To get children hooked on reading, feed them literature in rationed amounts and encourage talking between instalments. When an exercise to promote group discussion of novels was staged with seven to 12-year-olds in Scotland - where pupils are traditionally more reluctant to speak up in class than those south of the Border - their confidence and ability to contribute effectively in class increased as well as their enthusiasm for books.
These benefits were felt across the curriculum, said project co-ordinator Alan Hill, a lecturer in language studies at Moray House Institute of Education, Edinburgh. The group discussion work also changed the way children read, he said, "widening and deepening their awareness and understanding of the fullest meaning of the text".
Groups of between six and eight pupils in two primary schools and a middle school, mostly from the group below the top readers in their classes, took part in the Moray House pilot study last year.
Each group studied a series of novels together with children who had been asked to read an episode - and no more - before each session. Alan Hill realises that the strategy of deliberately limiting children's reading is controversial. "It has to be introduced very carefully - I tell them they're going to read a book in a way that they have never tried before.
"I believe that if children are already motivated to read a range of books, reading one book in this way will not stop them doing that, and if they are not keen on reading it will help.
"I've only met one or two children who read ahead of the group. Most of them enjoyed saving some of the book to look forward to." But to hold pupils' interest, he says, there should not be long gaps between chunks of reading. The exercise should be repeated at least three times a week - more often for younger children with shorter memories.
Despite the small groups, he said, discussion was slow to start. "They found it difficult to believe that I wanted to hear their opinions," Alan Hill said. "I had to be careful how I phrased questions, using 'Why do you think . . . ' rather than 'do you think ?' "The choice of book is very important. It has to be rich in human relations and values." A narrative structure with regular peaks of excitement helps too. Books used in the pilot project include CS Lewis's The Lion, the Witch and the Wardrobe and Anna Holm's I am David. Moray House has produced a teacher's guide to accompany each book, with suggested questions to stimulate discussion and maintain interest during narrative troughs.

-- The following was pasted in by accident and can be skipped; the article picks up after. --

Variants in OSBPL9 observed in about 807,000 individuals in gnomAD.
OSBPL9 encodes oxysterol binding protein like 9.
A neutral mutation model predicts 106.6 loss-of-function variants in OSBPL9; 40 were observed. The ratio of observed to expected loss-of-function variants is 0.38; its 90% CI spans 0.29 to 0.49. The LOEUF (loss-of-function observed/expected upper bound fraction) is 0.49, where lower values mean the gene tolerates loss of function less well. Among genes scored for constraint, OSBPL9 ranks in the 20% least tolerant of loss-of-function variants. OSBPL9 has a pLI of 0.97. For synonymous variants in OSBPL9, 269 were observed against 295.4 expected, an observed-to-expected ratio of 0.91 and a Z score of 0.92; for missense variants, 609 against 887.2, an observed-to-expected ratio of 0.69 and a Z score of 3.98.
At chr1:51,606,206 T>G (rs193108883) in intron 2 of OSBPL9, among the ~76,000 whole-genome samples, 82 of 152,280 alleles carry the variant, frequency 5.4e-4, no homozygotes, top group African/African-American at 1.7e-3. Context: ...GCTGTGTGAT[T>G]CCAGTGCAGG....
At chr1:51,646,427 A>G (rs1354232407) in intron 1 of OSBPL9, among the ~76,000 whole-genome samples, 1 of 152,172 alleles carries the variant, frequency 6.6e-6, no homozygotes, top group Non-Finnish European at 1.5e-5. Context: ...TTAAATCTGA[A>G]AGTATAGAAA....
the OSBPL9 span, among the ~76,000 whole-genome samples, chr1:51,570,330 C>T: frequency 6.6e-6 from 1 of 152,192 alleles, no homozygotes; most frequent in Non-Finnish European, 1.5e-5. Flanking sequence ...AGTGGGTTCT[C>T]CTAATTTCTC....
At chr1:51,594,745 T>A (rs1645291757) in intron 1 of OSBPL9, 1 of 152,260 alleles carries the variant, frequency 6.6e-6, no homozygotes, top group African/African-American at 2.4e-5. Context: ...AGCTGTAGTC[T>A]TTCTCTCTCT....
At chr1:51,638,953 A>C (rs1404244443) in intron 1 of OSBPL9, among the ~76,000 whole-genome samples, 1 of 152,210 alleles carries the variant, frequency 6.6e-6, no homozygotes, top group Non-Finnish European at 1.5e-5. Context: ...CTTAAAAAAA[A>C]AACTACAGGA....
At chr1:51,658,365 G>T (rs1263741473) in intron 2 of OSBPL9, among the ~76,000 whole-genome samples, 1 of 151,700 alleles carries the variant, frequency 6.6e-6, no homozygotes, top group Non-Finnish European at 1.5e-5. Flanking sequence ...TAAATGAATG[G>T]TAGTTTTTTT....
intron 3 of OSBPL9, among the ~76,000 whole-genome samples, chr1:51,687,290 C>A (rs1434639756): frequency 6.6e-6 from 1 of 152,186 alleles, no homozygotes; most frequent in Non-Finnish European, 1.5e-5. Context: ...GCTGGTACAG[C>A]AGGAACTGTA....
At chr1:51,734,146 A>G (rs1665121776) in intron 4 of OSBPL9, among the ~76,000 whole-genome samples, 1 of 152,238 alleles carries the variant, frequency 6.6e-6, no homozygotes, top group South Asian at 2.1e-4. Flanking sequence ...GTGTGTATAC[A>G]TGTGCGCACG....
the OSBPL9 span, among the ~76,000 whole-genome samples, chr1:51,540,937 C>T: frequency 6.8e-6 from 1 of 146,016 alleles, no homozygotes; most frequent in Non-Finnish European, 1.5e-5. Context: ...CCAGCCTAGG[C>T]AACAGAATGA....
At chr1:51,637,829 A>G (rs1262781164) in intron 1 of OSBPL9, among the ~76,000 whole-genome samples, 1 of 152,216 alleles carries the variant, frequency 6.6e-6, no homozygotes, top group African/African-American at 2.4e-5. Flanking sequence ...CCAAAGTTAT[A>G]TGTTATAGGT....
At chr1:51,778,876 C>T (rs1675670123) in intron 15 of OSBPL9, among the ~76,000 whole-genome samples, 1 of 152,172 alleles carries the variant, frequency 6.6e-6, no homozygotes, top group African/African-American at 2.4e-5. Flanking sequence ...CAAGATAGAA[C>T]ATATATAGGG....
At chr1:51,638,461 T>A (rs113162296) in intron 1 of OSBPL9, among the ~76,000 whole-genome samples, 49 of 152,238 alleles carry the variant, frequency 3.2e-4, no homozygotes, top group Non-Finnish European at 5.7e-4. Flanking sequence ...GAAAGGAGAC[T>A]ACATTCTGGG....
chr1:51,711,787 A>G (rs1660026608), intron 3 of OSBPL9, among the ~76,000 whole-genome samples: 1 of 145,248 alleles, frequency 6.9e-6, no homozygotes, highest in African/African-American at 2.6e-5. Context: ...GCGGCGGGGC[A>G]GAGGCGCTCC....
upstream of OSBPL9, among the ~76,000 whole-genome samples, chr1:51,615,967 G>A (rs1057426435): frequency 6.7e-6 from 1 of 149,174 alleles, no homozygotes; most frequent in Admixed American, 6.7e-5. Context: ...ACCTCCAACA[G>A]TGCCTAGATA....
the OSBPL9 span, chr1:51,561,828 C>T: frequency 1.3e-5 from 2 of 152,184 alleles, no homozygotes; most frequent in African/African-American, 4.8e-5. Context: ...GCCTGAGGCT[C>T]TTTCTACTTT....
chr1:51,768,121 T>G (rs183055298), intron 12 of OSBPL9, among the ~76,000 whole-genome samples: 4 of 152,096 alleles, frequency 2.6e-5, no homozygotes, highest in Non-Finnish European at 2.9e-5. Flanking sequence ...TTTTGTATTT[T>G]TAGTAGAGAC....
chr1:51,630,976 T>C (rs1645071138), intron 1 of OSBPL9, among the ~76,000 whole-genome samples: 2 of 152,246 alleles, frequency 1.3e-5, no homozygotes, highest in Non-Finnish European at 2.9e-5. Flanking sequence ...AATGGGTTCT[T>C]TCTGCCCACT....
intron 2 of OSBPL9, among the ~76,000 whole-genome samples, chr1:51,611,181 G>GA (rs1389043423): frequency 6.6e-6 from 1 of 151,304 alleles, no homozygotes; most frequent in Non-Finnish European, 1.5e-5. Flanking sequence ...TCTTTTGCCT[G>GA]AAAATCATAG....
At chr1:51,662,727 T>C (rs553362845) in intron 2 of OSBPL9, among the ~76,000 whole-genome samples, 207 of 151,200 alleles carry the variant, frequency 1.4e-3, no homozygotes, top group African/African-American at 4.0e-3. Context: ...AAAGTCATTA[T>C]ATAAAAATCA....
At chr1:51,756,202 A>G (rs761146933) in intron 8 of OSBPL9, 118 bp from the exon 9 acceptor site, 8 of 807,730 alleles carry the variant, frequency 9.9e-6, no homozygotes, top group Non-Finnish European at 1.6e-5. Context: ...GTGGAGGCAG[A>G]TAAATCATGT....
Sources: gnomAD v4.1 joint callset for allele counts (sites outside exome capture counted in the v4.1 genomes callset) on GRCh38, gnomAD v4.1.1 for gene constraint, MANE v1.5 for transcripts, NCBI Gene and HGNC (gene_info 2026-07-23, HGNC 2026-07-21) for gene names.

Alan Hill's sample questions about Charlotte's Web, the American classic novel by EB White about Wilbur the pig, range from the apparently diversionary ("Who sets the table for breakfast in your house? Would you like doughnuts for breakfast? What do you usually have for breakfast? What's your favourite?" and "Is Wilbur the most beautiful name you can think of? What names can you think of that would suit a small pig?") to the more profound ("What is injustice?" "Can you think of any examples of injustice?").
"In general the discussion tended to be not about events and characters in the book, but the children's understanding and experience," he said.
The group discussion of fiction in primary and middle schools: pilot evaluation study is available from Alan Hill, department of language studies, Moray House Institute of Education, Heriot-Watt University, Edinburgh EH8 8AQ.